Since the beginning of this century, trade and the broader economic relationship between the United States and India have been growing by leaps and bounds. Trade has grown five-fold. In addition, bilateral direct investment stands at nearly $35 billion, supporting hundreds of thousands of jobs in both countries. But “we can do more together, and we must do more together, and we have to do it faster,” said Secretary of State John Kerry at the opening ceremony of India’s Vibrant Gujarat Summit:
“We share Prime Minister [Narendra] Modi’s goal of increasing our countries’ annual trade fivefold in the years ahead, and we want to expand our commercial ties and change the way our businesses talk with one another so we can take this relationship, and these relationships is plural, to the new heights that we envision.”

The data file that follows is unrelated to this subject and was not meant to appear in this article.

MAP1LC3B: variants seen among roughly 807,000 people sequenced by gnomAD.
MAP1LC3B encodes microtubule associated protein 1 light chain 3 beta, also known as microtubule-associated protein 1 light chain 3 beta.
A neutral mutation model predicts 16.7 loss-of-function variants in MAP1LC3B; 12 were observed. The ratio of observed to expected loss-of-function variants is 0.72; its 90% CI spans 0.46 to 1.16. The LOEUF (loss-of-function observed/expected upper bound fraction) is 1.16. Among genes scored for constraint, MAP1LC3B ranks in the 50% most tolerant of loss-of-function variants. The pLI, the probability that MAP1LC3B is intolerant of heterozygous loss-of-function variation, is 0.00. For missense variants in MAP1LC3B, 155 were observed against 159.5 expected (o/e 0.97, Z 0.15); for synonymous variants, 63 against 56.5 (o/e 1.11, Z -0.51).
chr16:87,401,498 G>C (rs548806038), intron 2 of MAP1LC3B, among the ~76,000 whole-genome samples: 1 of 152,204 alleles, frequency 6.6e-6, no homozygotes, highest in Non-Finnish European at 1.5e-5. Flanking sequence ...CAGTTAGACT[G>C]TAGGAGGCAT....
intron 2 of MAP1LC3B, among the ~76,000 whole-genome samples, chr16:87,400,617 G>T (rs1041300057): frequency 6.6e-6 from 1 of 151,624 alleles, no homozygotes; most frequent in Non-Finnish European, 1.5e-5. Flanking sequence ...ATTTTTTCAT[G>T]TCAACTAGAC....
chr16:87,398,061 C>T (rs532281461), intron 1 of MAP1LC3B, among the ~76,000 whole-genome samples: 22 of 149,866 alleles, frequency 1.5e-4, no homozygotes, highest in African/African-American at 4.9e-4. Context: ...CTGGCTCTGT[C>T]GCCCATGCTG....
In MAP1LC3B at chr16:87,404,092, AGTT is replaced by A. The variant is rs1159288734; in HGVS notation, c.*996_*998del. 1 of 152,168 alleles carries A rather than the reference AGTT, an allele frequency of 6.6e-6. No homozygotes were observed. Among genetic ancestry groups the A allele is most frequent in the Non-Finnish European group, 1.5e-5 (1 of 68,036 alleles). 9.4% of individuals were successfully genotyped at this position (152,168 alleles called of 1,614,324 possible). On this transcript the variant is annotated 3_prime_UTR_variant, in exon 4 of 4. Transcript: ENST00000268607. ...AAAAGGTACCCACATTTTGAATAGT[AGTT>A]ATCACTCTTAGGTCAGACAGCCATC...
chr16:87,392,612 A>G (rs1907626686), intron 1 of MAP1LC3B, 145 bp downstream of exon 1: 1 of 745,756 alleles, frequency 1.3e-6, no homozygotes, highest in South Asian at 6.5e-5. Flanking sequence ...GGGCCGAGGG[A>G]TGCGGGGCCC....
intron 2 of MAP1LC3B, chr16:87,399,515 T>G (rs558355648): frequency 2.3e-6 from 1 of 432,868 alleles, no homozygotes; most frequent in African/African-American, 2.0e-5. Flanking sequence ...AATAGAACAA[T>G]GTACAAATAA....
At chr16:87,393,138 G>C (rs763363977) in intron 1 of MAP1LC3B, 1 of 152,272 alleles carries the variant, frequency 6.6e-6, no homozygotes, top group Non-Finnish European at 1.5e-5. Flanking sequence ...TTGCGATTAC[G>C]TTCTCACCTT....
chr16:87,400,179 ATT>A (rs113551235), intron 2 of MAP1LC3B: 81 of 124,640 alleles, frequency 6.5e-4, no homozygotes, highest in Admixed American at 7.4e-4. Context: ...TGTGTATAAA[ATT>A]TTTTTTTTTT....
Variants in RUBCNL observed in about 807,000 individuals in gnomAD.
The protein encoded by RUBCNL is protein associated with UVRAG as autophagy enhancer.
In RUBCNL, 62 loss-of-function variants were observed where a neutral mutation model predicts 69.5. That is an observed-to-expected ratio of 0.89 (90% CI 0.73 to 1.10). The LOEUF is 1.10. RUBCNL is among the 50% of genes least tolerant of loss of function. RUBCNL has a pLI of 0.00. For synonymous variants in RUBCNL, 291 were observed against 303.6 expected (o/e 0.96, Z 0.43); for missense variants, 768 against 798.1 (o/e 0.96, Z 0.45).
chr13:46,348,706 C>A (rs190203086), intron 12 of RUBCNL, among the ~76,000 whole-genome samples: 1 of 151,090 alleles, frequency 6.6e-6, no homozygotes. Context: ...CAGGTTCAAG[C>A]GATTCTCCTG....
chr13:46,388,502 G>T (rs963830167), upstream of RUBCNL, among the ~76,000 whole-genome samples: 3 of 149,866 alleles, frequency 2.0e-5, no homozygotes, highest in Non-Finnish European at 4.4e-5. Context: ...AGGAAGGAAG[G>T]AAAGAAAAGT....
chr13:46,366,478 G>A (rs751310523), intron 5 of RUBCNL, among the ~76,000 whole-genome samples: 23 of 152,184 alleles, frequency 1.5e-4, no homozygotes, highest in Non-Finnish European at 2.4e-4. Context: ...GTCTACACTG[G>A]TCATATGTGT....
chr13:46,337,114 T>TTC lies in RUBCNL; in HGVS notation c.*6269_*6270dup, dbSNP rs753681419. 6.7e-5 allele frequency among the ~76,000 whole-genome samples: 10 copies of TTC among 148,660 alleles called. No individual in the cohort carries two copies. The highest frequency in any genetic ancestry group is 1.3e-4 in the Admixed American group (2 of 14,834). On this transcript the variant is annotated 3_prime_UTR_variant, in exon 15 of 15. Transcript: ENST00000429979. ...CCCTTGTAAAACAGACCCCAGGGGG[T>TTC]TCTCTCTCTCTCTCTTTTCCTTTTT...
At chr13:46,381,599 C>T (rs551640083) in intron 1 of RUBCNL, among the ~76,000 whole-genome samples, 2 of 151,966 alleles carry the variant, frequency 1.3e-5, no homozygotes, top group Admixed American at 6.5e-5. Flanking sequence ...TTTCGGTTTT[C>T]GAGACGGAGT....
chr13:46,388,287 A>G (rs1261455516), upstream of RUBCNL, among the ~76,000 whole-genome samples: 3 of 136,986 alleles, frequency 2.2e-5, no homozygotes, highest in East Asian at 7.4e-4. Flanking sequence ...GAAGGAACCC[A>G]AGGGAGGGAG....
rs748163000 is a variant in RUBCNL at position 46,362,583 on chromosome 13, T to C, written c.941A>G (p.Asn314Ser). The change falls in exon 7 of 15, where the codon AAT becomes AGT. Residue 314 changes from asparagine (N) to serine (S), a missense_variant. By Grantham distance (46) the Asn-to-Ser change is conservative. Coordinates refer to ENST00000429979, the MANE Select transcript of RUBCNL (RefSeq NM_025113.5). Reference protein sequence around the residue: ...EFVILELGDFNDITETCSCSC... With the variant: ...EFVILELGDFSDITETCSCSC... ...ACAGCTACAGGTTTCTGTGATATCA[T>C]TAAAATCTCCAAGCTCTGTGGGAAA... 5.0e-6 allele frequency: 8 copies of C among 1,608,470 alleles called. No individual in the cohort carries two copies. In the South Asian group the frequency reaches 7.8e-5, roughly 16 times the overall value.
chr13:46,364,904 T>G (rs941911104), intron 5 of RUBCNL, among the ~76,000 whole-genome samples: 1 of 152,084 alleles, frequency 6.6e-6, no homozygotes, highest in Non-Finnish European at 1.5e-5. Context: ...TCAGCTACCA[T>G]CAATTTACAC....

Last year, soon after the Indian people elected him to be their leader, Prime Minister Modi identified some of his government’s key priorities. These include improving India’s infrastructure and domestic manufacturing base, promoting energy security and increasing foreign investment, and expanding India’s strategic role in its immediate neighborhood and across the Indo-Pacific region. To that end, Prime Minister Modi has taken a number of concrete steps to improve the business climate in India for both Indian and foreign companies. These include easing barriers to investment in insurance, in defense, and in medical equipment; announcing land reform; eliminating red tape; and working toward replacing indirect taxes levied on goods and services with a goods and services tax.
The United States and India are also working on agreements that could help to resolve some of India’s more pressing issues, such as infrastructure improvement, nuclear power generation, better access to clean water, and improved rural electrification.
“If we work together,” said Secretary of State Kerry, “I am convinced that the world’s oldest democracy and the world’s largest democracy can help to forge a new era of shared possibility and security for hundreds of millions of people in India, but indeed, across Asia, and across the world,” he said. “We could end extreme poverty in our lifetimes.”